Washington

557 ABA Journal Washington articles.

Afternoon Briefs: Judge blocks postal changes; bedroom backdrop for SCOTUS justice’s Constitution Day remarks

Federal judge blocks US Postal Service changes

Ruling from the bench Thursday, U.S. District Judge Stanley Bastian of Yakima, Washington, blocked U.S. Postal Service changes that slowed mail delivery. Ruling…

Afternoon Briefs: Godmother feels betrayed after law firm money theft; state AG staffer probed over BLM buttons fuss

Bookkeeper accused of embezzling $740K from godmother’s law firm

A former bookkeeper and office manager accused of embezzling $740,000 from a Rhode Island law firm has agreed to plead guilty…

Former inmate’s suit says appointed lawyer was ineffective and unlicensed in this state
A former Washington inmate claims in a lawsuit that he pleaded guilty to two felony charges after getting bad advice from an appointed lawyer who wasn’t licensed in the state.
Lawyer can’t sue over poor Avvo rating and allegedly incorrect bar status, federal judge rules
Updated: A federal judge in Seattle has tossed a lawyer’s $1.5 million defamation lawsuit against Avvo for allegedly posting false information that made him look “terrible.”
Afternoon Briefs: Trump sued over census policy excluding immigrants; judge swears in 37 new US citizens

Trump faces federal lawsuit over new policy of excluding immigrants from 2020 census

The city of Atlanta, several nonprofit organizations and naturalized citizens sued President Donald Trump on Thursday over…

Judges should know risks before attending public protests, ethics committee says
A California Supreme Court advisory committee has warned the state’s judges about the ethical risks of attending public protests.
New York and Illinois join others moving to October online bar exam; another jurisdiction grants diploma privilege
In light of public health concerns, Illinois and New York have joined the growing list of states that canceled in-person bar exams, with plans for an October remote test offered by the National Conference of Bar Examiners.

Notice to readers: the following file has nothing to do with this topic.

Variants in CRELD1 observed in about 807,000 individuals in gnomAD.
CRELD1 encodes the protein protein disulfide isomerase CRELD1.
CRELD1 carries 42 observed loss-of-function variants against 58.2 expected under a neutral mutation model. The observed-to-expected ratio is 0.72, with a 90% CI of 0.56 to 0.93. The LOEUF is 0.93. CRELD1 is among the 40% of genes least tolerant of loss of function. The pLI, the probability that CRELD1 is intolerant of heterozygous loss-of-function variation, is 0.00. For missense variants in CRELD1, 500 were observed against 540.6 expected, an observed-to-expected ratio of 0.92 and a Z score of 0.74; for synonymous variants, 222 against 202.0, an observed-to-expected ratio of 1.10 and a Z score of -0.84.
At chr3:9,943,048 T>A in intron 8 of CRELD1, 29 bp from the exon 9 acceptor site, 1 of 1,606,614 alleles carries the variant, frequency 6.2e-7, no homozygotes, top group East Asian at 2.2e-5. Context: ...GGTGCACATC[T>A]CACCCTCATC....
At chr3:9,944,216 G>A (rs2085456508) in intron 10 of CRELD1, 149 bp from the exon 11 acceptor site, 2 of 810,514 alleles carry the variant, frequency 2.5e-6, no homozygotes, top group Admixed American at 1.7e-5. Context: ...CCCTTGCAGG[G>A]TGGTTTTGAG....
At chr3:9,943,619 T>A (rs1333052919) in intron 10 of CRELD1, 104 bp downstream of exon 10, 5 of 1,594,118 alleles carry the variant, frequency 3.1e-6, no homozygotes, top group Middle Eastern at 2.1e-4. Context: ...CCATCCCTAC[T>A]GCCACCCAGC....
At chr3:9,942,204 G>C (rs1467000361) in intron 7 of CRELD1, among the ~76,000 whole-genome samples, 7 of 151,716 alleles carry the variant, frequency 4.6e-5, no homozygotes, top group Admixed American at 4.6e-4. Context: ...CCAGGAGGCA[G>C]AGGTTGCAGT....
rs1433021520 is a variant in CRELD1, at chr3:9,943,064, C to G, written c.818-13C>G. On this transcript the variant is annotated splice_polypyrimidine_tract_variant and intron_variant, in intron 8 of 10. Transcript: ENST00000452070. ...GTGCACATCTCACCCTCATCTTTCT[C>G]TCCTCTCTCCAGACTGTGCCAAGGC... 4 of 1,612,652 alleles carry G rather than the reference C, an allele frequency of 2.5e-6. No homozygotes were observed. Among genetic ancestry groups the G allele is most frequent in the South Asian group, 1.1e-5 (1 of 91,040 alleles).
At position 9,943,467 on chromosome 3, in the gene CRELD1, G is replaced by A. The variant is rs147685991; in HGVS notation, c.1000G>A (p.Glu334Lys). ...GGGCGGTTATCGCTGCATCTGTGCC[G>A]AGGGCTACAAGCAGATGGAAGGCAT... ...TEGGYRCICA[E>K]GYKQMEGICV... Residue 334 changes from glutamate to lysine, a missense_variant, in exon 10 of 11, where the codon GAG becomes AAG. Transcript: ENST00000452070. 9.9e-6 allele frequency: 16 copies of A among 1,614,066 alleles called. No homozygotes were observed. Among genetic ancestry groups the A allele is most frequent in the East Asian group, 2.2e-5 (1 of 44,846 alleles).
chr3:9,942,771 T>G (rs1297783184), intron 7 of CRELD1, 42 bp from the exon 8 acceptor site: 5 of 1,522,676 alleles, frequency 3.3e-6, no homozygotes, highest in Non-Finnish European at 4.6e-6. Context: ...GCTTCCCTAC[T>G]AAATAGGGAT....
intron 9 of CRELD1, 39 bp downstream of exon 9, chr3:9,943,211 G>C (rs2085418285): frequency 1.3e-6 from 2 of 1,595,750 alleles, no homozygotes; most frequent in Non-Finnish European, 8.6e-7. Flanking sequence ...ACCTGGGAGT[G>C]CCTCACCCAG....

Legal reform advocates need to more actively engage the public

Supporters of broad reforms to how the legal profession is regulated must do a better job involving the public, says the former longtime executive director of the Washington State Bar.

How the Washington Supreme Court’s LLLT program met its demise

The state supreme court’s Limited License Legal Technicians initiative won over the state bar’s board of governors, as the panel unanimously approved a resolution indicating its strong endorsement of the rule. But in a stark 180-degree turn, the limited license program rapidly lost the support of the bar’s board and the court as the makeup of both bodies changed.

States can penalize wayward presidential electors, Supreme Court rules
The U.S. Supreme Court ruled Monday that states can enforce an elector's pledge to support the winner of the state popular vote in presidential elections.
Oregon is third state to grant diploma privilege, while Tennessee cancels its July UBE
The Oregon Supreme Court approved temporary diploma privilege Monday, for in-state graduates and people who graduated from ABA-approved law schools with first-time bar passage rates of at least 86%.
Many would-be lawyers are allowed to practice law without exam in Washington state
Graduates of ABA-accredited law schools who are registered for the July or September bar exam in Washington state can skip the test and still practice law.
Washington Supreme Court sunsets limited license program for nonlawyers
The Washington Supreme Court will "sunset” the state’s Limited License Legal Technicians program that has permitted nonlawyers to perform some legal tasks within family law.
Washington bar’s board mishandled employee’s sexual harassment complaint, report finds

The Washington State Bar Association’s board of governors created a hostile work environment for staff by mishandling an employee’s sexual harassment allegations lodged against a board member, according to an outside investigator’s scathing report that recently became public.

SCOTUS hears arguments on whether ‘faithless electors’ in the Electoral College can switch allegiances

In 2016, for the first time, states removed or punished electors who declined to cast their ballots for their state’s popular-vote winners in the presidential election. The cases involving such “faithless electors” have worked their way up to the high court just as the nation prepares for another presidential election.

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